Rans0mlocked Ransomware Description
The Rans0mlocked Ransomware is a Trojan that can lock your files by modifying them with an encryption algorithm. Its attacks include pop-up windows for demanding payments to unlock your content. Since these symptoms appear after the Trojan has already blocked your media, malware experts recommend adhering to basic backup strategies for payload mitigation and using anti-malware protection to remove the Rans0mlocked Ransomware.
A Lock with a Cryptocurrency Cost to Open
Threat actors investing in file-encrypting Trojan campaigns still show various tactics for manipulating their victims, ranging from brand-heavy motifs and emotive language to dispassionate instructions towards the desired outcome. While the tone of speech and delivery may differ, almost every file-encrypting Trojan generates revenue. One of malware analysts' newer catches, the Rans0mlocked Ransomware, illustrates how profitable Trojans can be without the overblown warnings of threats like the Jigsaw Ransomware.
With its earliest known samples dating no further back than the first half of May, the Rans0mlocked Ransomware has yet to make significant statistical waves in comparison with established Trojans like Troldesh. However, it does share the primary features of these old file-encrypting Trojans, including the ability to block your data and ransom them through its accompanying pop-ups. While the Rans0mlocked Ransomware uses a variant of AES for its encryption most probably, malware analysts have yet to confirm it. No free decryptors for the files locked by the Rans0mlocked Ransomware are being hosted, making any content that the Rans0mlocked Ransomware attacks no better than deleted potentially.
Some symptoms that you may see in different versions of the Rans0mlocked Ransomware include hijacked wallpaper images and filename changes, especially the appending of new extensions. However, malware analysts verify the Rans0mlocked Ransomware's use of Windows pop-ups that display a simple, built-in Bitcoin payment verification primarily, as well as a possible decryptor, once you pay. There remains the possibility that the latter is fake; with the use of the Bitcoin cryptocurrency, extortionists could collect their pay and not be in danger of forcible refunds for avoiding their decryption duties.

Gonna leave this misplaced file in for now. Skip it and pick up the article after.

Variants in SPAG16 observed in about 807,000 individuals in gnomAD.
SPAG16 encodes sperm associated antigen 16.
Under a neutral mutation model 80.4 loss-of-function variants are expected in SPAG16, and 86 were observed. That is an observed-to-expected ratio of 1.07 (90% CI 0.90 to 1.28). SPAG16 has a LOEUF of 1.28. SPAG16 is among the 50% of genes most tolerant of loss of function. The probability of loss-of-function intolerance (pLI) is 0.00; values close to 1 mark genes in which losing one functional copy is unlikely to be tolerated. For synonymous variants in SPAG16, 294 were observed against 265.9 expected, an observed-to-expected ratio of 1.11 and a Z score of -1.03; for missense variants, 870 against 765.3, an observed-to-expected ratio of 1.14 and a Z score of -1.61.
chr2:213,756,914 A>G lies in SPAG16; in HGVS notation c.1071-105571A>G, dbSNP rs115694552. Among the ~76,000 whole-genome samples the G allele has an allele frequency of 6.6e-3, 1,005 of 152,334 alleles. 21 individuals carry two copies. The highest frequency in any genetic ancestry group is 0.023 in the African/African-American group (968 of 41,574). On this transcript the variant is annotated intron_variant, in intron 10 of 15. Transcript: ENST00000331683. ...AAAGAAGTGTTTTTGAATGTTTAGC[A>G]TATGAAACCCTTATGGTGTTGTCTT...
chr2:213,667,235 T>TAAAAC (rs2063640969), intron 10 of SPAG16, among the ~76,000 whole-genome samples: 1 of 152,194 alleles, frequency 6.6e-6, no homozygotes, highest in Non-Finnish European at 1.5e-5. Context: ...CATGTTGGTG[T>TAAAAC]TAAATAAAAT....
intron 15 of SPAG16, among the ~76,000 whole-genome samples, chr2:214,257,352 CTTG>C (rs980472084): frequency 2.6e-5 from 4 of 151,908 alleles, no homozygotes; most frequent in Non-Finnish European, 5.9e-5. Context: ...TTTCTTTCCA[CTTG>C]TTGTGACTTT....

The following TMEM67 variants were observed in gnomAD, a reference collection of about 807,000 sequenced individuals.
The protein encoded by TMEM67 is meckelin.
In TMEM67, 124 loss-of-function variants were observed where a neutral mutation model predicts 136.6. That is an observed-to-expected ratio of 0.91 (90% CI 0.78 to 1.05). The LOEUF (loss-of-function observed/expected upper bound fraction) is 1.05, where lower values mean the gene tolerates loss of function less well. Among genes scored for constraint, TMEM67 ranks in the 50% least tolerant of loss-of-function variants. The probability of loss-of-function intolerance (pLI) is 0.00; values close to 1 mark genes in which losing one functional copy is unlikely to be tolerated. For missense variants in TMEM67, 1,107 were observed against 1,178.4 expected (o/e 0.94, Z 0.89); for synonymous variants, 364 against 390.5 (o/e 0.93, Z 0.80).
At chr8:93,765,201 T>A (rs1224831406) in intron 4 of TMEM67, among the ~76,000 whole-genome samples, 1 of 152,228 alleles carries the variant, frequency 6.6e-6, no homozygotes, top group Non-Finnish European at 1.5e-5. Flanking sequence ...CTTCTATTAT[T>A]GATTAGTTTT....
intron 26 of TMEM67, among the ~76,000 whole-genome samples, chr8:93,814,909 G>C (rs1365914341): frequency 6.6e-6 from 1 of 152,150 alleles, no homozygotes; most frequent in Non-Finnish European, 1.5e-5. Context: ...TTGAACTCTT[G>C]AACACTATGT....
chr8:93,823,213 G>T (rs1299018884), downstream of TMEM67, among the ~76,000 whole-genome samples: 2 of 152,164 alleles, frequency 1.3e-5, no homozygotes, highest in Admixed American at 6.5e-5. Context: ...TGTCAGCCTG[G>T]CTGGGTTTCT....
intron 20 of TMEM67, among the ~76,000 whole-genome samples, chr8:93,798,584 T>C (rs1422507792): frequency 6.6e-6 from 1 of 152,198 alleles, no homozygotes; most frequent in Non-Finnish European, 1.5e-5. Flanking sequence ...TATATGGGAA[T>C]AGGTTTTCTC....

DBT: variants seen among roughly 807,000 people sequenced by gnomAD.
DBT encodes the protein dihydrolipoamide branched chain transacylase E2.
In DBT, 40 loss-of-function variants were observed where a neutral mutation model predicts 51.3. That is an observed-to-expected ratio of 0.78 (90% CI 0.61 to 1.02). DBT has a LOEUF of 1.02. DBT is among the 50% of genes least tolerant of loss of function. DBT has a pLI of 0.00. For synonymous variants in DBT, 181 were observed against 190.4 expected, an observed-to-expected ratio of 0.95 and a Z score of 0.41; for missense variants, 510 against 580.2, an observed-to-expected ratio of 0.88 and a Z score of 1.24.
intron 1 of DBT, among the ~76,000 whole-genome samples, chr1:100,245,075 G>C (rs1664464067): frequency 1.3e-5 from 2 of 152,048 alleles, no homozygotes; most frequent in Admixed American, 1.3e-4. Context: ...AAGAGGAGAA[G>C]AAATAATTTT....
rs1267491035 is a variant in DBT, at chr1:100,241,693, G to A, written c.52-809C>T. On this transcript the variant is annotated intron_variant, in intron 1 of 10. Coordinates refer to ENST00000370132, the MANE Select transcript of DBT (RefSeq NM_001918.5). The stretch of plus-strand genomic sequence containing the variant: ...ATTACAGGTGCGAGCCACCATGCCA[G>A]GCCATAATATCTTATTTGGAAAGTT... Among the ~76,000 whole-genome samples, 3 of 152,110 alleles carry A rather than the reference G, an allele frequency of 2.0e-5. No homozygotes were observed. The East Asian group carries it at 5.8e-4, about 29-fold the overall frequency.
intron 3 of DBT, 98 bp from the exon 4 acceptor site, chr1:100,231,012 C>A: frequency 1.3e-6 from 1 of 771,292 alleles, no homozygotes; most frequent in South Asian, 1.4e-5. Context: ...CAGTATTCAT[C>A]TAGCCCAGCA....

Unlocking Your Files without Paying the Price
The Rans0mlocked Ransomware's pop-up is a straightforward message that streamlines the extortion process into being a supposedly semi-automated task, just like the Russian Fatboy Ransomware. Unlike the Fatboy Ransomware, the Rans0mlocked Ransomware's authors are giving out limited information to the users they attack, which may make the ransoming process seem less intimidating to the victim. Whether it's a strategy invoked deliberately or a side effect of their campaign's priorities, the Rans0mlocked Ransomware offers a 'simple' decryption solution with a non-negligible chance of being fraudulent.
While the Rans0mlocked Ransomware is only targeting English speakers, its means of distribution aren't yet verifiable. Examples of expected exploits include corrupted website scripts, e-mail attachments, and, in a small minority of attacks, bundling with other downloads. Although anti-malware products don't include decryption services, they can block and delete the Rans0mlocked Ransomware infections before the encryption occurs. Otherwise, malware analysts emphasize the value of a rigorous backup strategy.
By the standards of its kind, the Rans0mlocked Ransomware is a 'short and sweet' idea of a file-encrypting Trojan. Whether the responsible party waxes verbose or limits himself to the bare minimum in demands, the damages to your files usually will be the same, either way.
Use SpyHunter to Detect and Remove PC Threats
If you are concerned that malware or PC threats similar to Rans0mlocked Ransomware may have infected your computer, we recommend you start an in-depth system scan with SpyHunter. SpyHunter is an advanced malware protection and remediation application that offers subscribers a comprehensive method for protecting PCs from malware, in addition to providing one-on-one technical support service.
Why can't I open any program including SpyHunter? You may have a malware file running in memory that kills any programs that you try to launch on your PC. Tip: Download SpyHunter from a clean computer, copy it to a USB thumb drive, DVD or CD, then install it on the infected PC and run SpyHunter's malware scanner.